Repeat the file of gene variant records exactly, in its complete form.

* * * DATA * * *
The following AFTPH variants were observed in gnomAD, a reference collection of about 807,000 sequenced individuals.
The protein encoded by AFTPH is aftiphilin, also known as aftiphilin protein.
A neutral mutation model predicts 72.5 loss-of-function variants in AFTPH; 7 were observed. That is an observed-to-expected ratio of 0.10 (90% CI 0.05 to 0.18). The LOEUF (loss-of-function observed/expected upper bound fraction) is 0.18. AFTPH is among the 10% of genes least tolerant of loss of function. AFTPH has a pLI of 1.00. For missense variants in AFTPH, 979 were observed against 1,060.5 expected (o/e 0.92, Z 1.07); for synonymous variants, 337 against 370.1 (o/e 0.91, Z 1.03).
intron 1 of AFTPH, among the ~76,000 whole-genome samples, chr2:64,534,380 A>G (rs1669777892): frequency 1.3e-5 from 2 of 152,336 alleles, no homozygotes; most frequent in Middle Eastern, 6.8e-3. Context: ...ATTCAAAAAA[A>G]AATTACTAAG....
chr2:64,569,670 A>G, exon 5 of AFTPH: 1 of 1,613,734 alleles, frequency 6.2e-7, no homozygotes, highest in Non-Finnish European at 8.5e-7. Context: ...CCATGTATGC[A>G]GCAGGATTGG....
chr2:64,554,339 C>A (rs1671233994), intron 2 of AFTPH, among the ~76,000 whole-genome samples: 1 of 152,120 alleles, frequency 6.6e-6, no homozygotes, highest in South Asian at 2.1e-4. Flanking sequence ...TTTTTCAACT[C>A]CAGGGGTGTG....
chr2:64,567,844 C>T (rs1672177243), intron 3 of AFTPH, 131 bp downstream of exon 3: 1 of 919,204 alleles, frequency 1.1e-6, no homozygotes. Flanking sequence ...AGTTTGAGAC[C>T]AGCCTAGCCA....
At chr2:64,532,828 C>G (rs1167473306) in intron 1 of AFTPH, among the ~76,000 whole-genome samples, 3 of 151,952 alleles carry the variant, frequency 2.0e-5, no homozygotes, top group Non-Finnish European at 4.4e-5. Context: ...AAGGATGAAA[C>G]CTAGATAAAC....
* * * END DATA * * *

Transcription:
The following AFTPH variants were observed in gnomAD, a reference collection of about 807,000 sequenced individuals.
The protein encoded by AFTPH is aftiphilin, also known as aftiphilin protein.
A neutral mutation model predicts 72.5 loss-of-function variants in AFTPH; 7 were observed. That is an observed-to-expected ratio of 0.10 (90% CI 0.05 to 0.18). The LOEUF (loss-of-function observed/expected upper bound fraction) is 0.18. AFTPH is among the 10% of genes least tolerant of loss of function. AFTPH has a pLI of 1.00. For missense variants in AFTPH, 979 were observed against 1,060.5 expected (o/e 0.92, Z 1.07); for synonymous variants, 337 against 370.1 (o/e 0.91, Z 1.03).
intron 1 of AFTPH, among the ~76,000 whole-genome samples, chr2:64,534,380 A>G (rs1669777892): frequency 1.3e-5 from 2 of 152,336 alleles, no homozygotes; most frequent in Middle Eastern, 6.8e-3. Context: ...ATTCAAAAAA[A>G]AATTACTAAG....
chr2:64,569,670 A>G, exon 5 of AFTPH: 1 of 1,613,734 alleles, frequency 6.2e-7, no homozygotes, highest in Non-Finnish European at 8.5e-7. Context: ...CCATGTATGC[A>G]GCAGGATTGG....
chr2:64,554,339 C>A (rs1671233994), intron 2 of AFTPH, among the ~76,000 whole-genome samples: 1 of 152,120 alleles, frequency 6.6e-6, no homozygotes, highest in South Asian at 2.1e-4. Flanking sequence ...TTTTTCAACT[C>A]CAGGGGTGTG....
chr2:64,567,844 C>T (rs1672177243), intron 3 of AFTPH, 131 bp downstream of exon 3: 1 of 919,204 alleles, frequency 1.1e-6, no homozygotes. Flanking sequence ...AGTTTGAGAC[C>T]AGCCTAGCCA....
At chr2:64,532,828 C>G (rs1167473306) in intron 1 of AFTPH, among the ~76,000 whole-genome samples, 3 of 151,952 alleles carry the variant, frequency 2.0e-5, no homozygotes, top group Non-Finnish European at 4.4e-5. Context: ...AAGGATGAAA[C>G]CTAGATAAAC....